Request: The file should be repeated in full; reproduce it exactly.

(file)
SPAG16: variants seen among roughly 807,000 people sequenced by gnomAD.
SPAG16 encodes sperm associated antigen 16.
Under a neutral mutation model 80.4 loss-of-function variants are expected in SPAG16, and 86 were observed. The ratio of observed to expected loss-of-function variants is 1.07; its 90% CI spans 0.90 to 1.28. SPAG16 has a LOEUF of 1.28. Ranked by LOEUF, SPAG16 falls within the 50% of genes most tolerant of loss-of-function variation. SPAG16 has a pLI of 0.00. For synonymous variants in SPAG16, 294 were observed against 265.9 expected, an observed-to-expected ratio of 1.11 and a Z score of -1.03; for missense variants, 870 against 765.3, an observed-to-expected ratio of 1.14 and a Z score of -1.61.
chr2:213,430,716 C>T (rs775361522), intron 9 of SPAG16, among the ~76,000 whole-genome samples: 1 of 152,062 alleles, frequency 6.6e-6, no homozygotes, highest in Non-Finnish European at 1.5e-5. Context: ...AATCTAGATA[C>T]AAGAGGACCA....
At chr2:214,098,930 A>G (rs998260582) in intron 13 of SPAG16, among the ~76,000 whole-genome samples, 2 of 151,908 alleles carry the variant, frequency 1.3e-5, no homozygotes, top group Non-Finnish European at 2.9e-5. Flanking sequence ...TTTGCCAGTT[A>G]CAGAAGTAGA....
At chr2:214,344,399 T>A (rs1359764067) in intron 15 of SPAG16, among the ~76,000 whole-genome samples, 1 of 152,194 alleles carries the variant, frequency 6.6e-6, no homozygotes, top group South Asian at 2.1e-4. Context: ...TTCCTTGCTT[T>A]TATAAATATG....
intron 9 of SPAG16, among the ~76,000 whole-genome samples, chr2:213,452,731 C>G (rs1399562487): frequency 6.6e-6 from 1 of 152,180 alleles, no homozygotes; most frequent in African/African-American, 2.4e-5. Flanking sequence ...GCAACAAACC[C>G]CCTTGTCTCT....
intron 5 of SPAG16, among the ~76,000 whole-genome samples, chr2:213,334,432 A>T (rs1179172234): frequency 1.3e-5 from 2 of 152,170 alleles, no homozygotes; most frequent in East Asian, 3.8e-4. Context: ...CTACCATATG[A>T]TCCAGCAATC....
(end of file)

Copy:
SPAG16: variants seen among roughly 807,000 people sequenced by gnomAD.
SPAG16 encodes sperm associated antigen 16.
Under a neutral mutation model 80.4 loss-of-function variants are expected in SPAG16, and 86 were observed. The ratio of observed to expected loss-of-function variants is 1.07; its 90% CI spans 0.90 to 1.28. SPAG16 has a LOEUF of 1.28. Ranked by LOEUF, SPAG16 falls within the 50% of genes most tolerant of loss-of-function variation. SPAG16 has a pLI of 0.00. For synonymous variants in SPAG16, 294 were observed against 265.9 expected, an observed-to-expected ratio of 1.11 and a Z score of -1.03; for missense variants, 870 against 765.3, an observed-to-expected ratio of 1.14 and a Z score of -1.61.
chr2:213,430,716 C>T (rs775361522), intron 9 of SPAG16, among the ~76,000 whole-genome samples: 1 of 152,062 alleles, frequency 6.6e-6, no homozygotes, highest in Non-Finnish European at 1.5e-5. Context: ...AATCTAGATA[C>T]AAGAGGACCA....
At chr2:214,098,930 A>G (rs998260582) in intron 13 of SPAG16, among the ~76,000 whole-genome samples, 2 of 151,908 alleles carry the variant, frequency 1.3e-5, no homozygotes, top group Non-Finnish European at 2.9e-5. Flanking sequence ...TTTGCCAGTT[A>G]CAGAAGTAGA....
At chr2:214,344,399 T>A (rs1359764067) in intron 15 of SPAG16, among the ~76,000 whole-genome samples, 1 of 152,194 alleles carries the variant, frequency 6.6e-6, no homozygotes, top group South Asian at 2.1e-4. Context: ...TTCCTTGCTT[T>A]TATAAATATG....
intron 9 of SPAG16, among the ~76,000 whole-genome samples, chr2:213,452,731 C>G (rs1399562487): frequency 6.6e-6 from 1 of 152,180 alleles, no homozygotes; most frequent in African/African-American, 2.4e-5. Flanking sequence ...GCAACAAACC[C>G]CCTTGTCTCT....
intron 5 of SPAG16, among the ~76,000 whole-genome samples, chr2:213,334,432 A>T (rs1179172234): frequency 1.3e-5 from 2 of 152,170 alleles, no homozygotes; most frequent in East Asian, 3.8e-4. Context: ...CTACCATATG[A>T]TCCAGCAATC....